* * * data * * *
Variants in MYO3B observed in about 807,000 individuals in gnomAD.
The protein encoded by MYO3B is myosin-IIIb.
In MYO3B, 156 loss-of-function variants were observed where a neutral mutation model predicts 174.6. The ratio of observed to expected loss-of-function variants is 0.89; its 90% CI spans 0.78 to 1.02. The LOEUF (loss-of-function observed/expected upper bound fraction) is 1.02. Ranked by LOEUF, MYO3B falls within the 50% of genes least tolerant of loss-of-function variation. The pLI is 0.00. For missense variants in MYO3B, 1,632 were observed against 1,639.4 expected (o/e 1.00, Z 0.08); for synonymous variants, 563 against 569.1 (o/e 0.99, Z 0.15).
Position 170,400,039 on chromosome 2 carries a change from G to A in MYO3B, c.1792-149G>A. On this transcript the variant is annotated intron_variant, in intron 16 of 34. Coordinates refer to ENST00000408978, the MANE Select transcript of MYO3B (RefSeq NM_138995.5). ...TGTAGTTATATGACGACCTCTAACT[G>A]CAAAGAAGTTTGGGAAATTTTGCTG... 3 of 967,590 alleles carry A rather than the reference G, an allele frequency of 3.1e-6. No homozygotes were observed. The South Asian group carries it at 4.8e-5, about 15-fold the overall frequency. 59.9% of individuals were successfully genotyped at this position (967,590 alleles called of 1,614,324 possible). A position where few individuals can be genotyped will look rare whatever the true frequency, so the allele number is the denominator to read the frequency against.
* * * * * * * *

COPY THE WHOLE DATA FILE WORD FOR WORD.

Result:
Variants in MYO3B observed in about 807,000 individuals in gnomAD.
The protein encoded by MYO3B is myosin-IIIb.
In MYO3B, 156 loss-of-function variants were observed where a neutral mutation model predicts 174.6. The ratio of observed to expected loss-of-function variants is 0.89; its 90% CI spans 0.78 to 1.02. The LOEUF (loss-of-function observed/expected upper bound fraction) is 1.02. Ranked by LOEUF, MYO3B falls within the 50% of genes least tolerant of loss-of-function variation. The pLI is 0.00. For missense variants in MYO3B, 1,632 were observed against 1,639.4 expected (o/e 1.00, Z 0.08); for synonymous variants, 563 against 569.1 (o/e 0.99, Z 0.15).
Position 170,400,039 on chromosome 2 carries a change from G to A in MYO3B, c.1792-149G>A. On this transcript the variant is annotated intron_variant, in intron 16 of 34. Coordinates refer to ENST00000408978, the MANE Select transcript of MYO3B (RefSeq NM_138995.5). ...TGTAGTTATATGACGACCTCTAACT[G>A]CAAAGAAGTTTGGGAAATTTTGCTG... 3 of 967,590 alleles carry A rather than the reference G, an allele frequency of 3.1e-6. No homozygotes were observed. The South Asian group carries it at 4.8e-5, about 15-fold the overall frequency. 59.9% of individuals were successfully genotyped at this position (967,590 alleles called of 1,614,324 possible). A position where few individuals can be genotyped will look rare whatever the true frequency, so the allele number is the denominator to read the frequency against.